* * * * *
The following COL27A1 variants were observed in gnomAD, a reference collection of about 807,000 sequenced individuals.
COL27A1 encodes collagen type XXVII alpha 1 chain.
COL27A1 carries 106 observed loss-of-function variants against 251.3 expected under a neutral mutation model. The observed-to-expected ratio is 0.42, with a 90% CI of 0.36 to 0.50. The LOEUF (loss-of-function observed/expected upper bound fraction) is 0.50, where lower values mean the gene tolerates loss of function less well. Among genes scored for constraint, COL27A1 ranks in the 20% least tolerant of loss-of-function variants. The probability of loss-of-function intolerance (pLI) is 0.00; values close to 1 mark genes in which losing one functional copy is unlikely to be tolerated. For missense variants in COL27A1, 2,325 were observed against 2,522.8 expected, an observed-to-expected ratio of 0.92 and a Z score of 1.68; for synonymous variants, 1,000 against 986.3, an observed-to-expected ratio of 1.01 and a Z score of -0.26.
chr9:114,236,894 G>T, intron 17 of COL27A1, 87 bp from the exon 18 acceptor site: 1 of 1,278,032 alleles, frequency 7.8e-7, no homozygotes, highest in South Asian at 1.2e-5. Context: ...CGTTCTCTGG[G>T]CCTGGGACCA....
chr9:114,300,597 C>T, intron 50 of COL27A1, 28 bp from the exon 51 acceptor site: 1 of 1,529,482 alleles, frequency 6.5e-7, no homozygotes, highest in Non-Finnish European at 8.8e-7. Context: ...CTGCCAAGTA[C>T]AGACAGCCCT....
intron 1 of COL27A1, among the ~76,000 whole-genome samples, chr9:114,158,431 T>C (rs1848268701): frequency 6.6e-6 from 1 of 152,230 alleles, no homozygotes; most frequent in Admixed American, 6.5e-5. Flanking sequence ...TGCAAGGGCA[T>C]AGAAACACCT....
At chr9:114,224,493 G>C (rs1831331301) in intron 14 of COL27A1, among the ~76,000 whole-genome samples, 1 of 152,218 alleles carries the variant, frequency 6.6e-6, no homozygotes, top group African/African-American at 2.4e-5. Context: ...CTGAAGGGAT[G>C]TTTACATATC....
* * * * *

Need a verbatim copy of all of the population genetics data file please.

The following COL27A1 variants were observed in gnomAD, a reference collection of about 807,000 sequenced individuals.
COL27A1 encodes collagen type XXVII alpha 1 chain.
COL27A1 carries 106 observed loss-of-function variants against 251.3 expected under a neutral mutation model. The observed-to-expected ratio is 0.42, with a 90% CI of 0.36 to 0.50. The LOEUF (loss-of-function observed/expected upper bound fraction) is 0.50, where lower values mean the gene tolerates loss of function less well. Among genes scored for constraint, COL27A1 ranks in the 20% least tolerant of loss-of-function variants. The probability of loss-of-function intolerance (pLI) is 0.00; values close to 1 mark genes in which losing one functional copy is unlikely to be tolerated. For missense variants in COL27A1, 2,325 were observed against 2,522.8 expected, an observed-to-expected ratio of 0.92 and a Z score of 1.68; for synonymous variants, 1,000 against 986.3, an observed-to-expected ratio of 1.01 and a Z score of -0.26.
chr9:114,236,894 G>T, intron 17 of COL27A1, 87 bp from the exon 18 acceptor site: 1 of 1,278,032 alleles, frequency 7.8e-7, no homozygotes, highest in South Asian at 1.2e-5. Context: ...CGTTCTCTGG[G>T]CCTGGGACCA....
chr9:114,300,597 C>T, intron 50 of COL27A1, 28 bp from the exon 51 acceptor site: 1 of 1,529,482 alleles, frequency 6.5e-7, no homozygotes, highest in Non-Finnish European at 8.8e-7. Context: ...CTGCCAAGTA[C>T]AGACAGCCCT....
intron 1 of COL27A1, among the ~76,000 whole-genome samples, chr9:114,158,431 T>C (rs1848268701): frequency 6.6e-6 from 1 of 152,230 alleles, no homozygotes; most frequent in Admixed American, 6.5e-5. Flanking sequence ...TGCAAGGGCA[T>C]AGAAACACCT....
At chr9:114,224,493 G>C (rs1831331301) in intron 14 of COL27A1, among the ~76,000 whole-genome samples, 1 of 152,218 alleles carries the variant, frequency 6.6e-6, no homozygotes, top group African/African-American at 2.4e-5. Context: ...CTGAAGGGAT[G>C]TTTACATATC....